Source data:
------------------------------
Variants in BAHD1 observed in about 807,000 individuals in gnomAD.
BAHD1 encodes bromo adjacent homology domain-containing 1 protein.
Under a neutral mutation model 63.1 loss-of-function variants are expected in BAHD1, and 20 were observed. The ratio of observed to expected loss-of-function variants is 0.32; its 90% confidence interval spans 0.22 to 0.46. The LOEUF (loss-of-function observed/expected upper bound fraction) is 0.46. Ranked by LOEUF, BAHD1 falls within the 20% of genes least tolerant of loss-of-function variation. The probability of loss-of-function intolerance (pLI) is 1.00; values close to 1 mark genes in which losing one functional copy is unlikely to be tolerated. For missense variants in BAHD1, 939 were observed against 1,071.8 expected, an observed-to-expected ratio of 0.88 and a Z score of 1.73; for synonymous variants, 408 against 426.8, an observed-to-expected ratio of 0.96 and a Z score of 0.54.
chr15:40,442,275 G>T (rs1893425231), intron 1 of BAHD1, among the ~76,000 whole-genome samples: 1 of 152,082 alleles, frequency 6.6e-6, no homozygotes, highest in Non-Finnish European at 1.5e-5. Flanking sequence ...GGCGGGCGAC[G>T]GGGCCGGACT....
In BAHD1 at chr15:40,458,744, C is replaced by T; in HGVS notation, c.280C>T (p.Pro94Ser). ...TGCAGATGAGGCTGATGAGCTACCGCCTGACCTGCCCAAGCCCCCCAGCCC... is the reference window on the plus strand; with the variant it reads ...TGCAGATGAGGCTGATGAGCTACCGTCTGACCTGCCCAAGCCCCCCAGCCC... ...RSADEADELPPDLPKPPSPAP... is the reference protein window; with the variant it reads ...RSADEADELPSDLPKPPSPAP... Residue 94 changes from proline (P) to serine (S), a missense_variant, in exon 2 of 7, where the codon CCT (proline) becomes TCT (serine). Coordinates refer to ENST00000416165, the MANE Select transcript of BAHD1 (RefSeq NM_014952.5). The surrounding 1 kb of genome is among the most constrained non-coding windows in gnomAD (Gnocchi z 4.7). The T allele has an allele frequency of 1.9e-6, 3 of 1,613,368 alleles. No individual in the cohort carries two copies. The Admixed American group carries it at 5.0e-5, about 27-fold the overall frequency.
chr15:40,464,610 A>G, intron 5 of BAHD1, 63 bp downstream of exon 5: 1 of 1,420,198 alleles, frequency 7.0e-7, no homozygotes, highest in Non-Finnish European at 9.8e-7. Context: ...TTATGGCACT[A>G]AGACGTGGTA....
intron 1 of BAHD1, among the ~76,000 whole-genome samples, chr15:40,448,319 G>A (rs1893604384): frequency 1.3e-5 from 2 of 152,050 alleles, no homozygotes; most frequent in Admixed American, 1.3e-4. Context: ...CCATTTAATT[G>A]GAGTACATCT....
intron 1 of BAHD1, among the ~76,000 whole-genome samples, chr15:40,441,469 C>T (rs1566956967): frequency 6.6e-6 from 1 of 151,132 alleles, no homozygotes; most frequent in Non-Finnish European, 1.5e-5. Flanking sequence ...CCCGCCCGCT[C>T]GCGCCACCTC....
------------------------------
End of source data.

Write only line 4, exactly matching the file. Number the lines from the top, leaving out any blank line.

chr15:40,442,275 G>T (rs1893425231), intron 1 of BAHD1, among the ~76,000 whole-genome samples: 1 of 152,082 alleles, frequency 6.6e-6, no homozygotes, highest in Non-Finnish European at 1.5e-5. Flanking sequence ...GGCGGGCGAC[G>T]GGGCCGGACT....